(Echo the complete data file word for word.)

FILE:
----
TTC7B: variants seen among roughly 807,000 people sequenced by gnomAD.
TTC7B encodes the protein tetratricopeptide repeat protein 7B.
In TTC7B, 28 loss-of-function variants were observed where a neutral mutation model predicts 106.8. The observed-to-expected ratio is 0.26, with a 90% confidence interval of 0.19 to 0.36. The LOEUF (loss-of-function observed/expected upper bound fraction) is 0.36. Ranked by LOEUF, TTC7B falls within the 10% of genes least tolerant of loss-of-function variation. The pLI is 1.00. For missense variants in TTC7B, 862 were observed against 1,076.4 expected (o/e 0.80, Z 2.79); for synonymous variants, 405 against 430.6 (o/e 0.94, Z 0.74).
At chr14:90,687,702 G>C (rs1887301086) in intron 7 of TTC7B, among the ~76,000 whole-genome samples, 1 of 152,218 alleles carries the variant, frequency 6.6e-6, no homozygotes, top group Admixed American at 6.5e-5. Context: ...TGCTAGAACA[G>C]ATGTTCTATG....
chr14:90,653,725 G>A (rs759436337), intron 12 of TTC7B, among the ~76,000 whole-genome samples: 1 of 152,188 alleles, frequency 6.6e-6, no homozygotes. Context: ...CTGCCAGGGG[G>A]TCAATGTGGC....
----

TTC7B: variants seen among roughly 807,000 people sequenced by gnomAD.
TTC7B encodes the protein tetratricopeptide repeat protein 7B.
In TTC7B, 28 loss-of-function variants were observed where a neutral mutation model predicts 106.8. The observed-to-expected ratio is 0.26, with a 90% confidence interval of 0.19 to 0.36. The LOEUF (loss-of-function observed/expected upper bound fraction) is 0.36. Ranked by LOEUF, TTC7B falls within the 10% of genes least tolerant of loss-of-function variation. The pLI is 1.00. For missense variants in TTC7B, 862 were observed against 1,076.4 expected (o/e 0.80, Z 2.79); for synonymous variants, 405 against 430.6 (o/e 0.94, Z 0.74).
At chr14:90,687,702 G>C (rs1887301086) in intron 7 of TTC7B, among the ~76,000 whole-genome samples, 1 of 152,218 alleles carries the variant, frequency 6.6e-6, no homozygotes, top group Admixed American at 6.5e-5. Context: ...TGCTAGAACA[G>C]ATGTTCTATG....
chr14:90,653,725 G>A (rs759436337), intron 12 of TTC7B, among the ~76,000 whole-genome samples: 1 of 152,188 alleles, frequency 6.6e-6, no homozygotes. Context: ...CTGCCAGGGG[G>A]TCAATGTGGC....